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Storm’s McPherson appreciates long journey

Published:   |   Updated: April 20, 2013 at 12:53 AM
TAMPA -

Whatever happened to Adrian McPherson?

Here’s what happened.

His father told him, “98 percent of people would have given up a long time ago.”

Adrian McPherson thought of his daughter. Demi turned 3 this week.

When she was born, “her white cell count was the lowest ever,” McPherson said. “She was crying, crying, crying, IVs, IVs all over her body, IVs in her head. The doctors didn’t think she’d make it. ... We walked out of the hospital three days later. She hadn’t been crying to give up. She’d been crying to keep going.”

Thursday, McPherson sat on a bench at the Forum, home of the Tampa Bay Storm. He’ll turn 30 next month. His chin is dotted with gray stubble.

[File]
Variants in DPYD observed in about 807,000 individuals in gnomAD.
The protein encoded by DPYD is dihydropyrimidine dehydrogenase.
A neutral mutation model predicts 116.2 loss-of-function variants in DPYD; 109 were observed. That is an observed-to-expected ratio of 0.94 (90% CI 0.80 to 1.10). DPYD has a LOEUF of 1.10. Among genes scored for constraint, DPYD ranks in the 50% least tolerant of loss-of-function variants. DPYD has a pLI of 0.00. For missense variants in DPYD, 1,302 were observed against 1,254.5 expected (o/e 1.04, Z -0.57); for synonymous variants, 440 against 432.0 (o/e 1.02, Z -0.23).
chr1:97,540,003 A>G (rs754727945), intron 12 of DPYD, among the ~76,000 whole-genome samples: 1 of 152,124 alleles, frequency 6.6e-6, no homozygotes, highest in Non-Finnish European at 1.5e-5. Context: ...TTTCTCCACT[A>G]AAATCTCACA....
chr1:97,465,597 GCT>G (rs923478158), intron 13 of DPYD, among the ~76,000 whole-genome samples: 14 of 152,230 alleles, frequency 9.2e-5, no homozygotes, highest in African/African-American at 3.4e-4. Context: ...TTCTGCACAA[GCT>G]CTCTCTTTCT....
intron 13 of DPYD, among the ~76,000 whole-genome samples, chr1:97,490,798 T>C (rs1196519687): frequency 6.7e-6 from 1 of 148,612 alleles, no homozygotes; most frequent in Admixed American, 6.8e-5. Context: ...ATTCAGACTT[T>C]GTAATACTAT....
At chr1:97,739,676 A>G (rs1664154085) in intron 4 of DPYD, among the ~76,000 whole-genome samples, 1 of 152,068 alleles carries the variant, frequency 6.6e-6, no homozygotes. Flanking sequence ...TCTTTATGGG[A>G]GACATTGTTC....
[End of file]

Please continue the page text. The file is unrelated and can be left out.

“I feel young,” McPherson said with a grin.

He’s playing like it for his new team. It’s the Arena Football League, not much money, but he’s home, for the first time in a decade, his mom and dad at most games, like in high school or at FSU. He’s a starting quarterback again, and that’s everything.

“It’s a thrill to have him back here, close to us,” Floyd McPherson said of his son’s return.

It’s a world away from where Adrian Jamal McPherson was in 2003, a court room, as the Bradenton Southeast High and FSU star pleaded no contest to gambling and theft charges and was sentenced to probation. His college career was over and his name was tarnished, forever in some circles.

“I was at the top and I’ve been at the bottom,” McPherson said. “If it ends here, it’s still a story. People were telling me I’d never play again, anywhere.”

McPherson has thrown 17 touchdowns and run for 12 in four games for the Storm, reviving memories of when his arm and legs could do no wrong.

“One on one with anybody, I’ll take him,” Storm head coach Dave Ewart said.